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Everything was covered in gold and adorned with gems, mother of pearl, stucco and frescoes. The ceiling of the dining room was lined with perforated ivory slabs so that flowers could rain down on them. The central hall was circular and always rotated day and night without ever stopping like the earth. In the bath rooms flowed seawater and natural hot water. So Svetonio writes of the greatest palace in Rome, built in 68 D.C. the Domus Aurea, the magnificent palace all golden because inspired by the sun god, Apollo. It had long colonnades, palaces, gardens, woods, villas, vineyards, nymphs and a large lake. Today only part of it remains, near the Colosseum, on the Oppio Hill. Forty years later, Emperor Trajan wanted to build his baths right on the gilded palace, thus burying the memory of his owner. But in doing so ended up protecting the structure, so today we can still visit the Domus Aurea and its incredible paintings. At the center of the entrance vestibule was a tall bronze statue, a 35-meter-high colossus erected on an 11-meter pedestal made by the Greek sculptor Zenodoro who wanted to represent the magnificence of the landlord: Lucius Domizio Enobarbo, Nero.
He ruled for 14 years, from 54 to 68 AD until he became a legend. But who was he really? To know this we have to go back to the night of July 14, 64 when a frightful fire burns a third of the city of Rome, Nero tries everything to douse the flames and makes available his gardens to save the people. Half a million people are homeless. Yet in Rome many people say that he is the inse leading of that misfortune. Nero starts the most impressive urban planning program in the history of Rome. Metals and tons of marble come from every corner of the empire; the use of new mortars for masonry allows prodigious works. He personally follows the works. The economic cost is exorbitant. Tigellino plunders the temples in search of the riches kept in them. No one had ever dared so much. The assets of the richest families in the Empire are seized. It was an attack on the aristocracy and the Senate of Rome. The people cheered him on. So much megalomania and greed caused the indignation of the senators who captained Pisone and prepared the conspiracy against the emperor. Nero discovers them and without trial kills them all with great cruelty.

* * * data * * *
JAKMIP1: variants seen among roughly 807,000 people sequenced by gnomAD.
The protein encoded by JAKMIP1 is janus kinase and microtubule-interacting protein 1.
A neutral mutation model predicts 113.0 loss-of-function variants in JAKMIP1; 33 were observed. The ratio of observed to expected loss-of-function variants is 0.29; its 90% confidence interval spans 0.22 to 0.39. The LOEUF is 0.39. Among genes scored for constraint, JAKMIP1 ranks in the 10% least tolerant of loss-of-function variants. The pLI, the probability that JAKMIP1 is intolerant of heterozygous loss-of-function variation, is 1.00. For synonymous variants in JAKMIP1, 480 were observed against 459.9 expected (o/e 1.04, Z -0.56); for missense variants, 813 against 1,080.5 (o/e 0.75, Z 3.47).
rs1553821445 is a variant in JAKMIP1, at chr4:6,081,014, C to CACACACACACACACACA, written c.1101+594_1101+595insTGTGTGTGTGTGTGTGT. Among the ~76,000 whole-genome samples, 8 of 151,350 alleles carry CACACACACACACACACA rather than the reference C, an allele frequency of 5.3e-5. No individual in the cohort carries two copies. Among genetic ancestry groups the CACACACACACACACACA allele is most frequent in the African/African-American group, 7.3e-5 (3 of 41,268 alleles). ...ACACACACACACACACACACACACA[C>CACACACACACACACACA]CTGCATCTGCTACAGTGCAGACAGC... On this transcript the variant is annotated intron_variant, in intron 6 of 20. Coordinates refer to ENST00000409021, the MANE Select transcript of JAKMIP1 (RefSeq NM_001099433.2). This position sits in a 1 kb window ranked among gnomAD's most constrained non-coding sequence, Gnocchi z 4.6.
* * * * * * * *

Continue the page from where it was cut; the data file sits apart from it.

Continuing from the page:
Rome becomes the most opulent city on earth, but the emperor who has gone down in history for his cruelty is also the most fruitful patron of the arts, beauty and theatre. Nero likes to perform on stage in front of spectators, play and recite, loves poetry, but when his wife Poppea criticizes him for his theatrical performance, he goes crazy and kicks her to death. In Greece, during a party, he meets Sporus , the slave who was favoured and who, it was said, bore a striking resemblance to Poppea.
You cannot understand the story of Nero by ignoring that of his mother Agrippina, the only empress woman in the history of Rome. Possessive and intrusive, she secretly followed the Senate sessions by entering through a secret door. There was also talk of incestuous relations with Nero, warmed by wine and lascivious kisses. She will be killed on Nero's orders.
Senators from all provinces of the empire begin to rebel against the emperor preparing for the conspiracy. Nero is declared a public enemy by the senators and is forced to flee to his villa on Cassia, where he commits suicide in June 68 A.D.
With Nero ends the Giulio-Claudia dynasty, a civil war breaks out at his death that ends with the election of Vespasian. Nero is credited with the fire of Rome, the persecution of Christians, the murder of Poppea and his mother. But he was also a great reformer, he lowered taxes on the poor, introduced monetary reform, and reformed the Senate. He ascended the throne at the age of 17 and died at 31, a voracious, greedy, fast life that cost him prejudices, convictions and many attempts at imitation.
Nero the Mad Emperor of Rome
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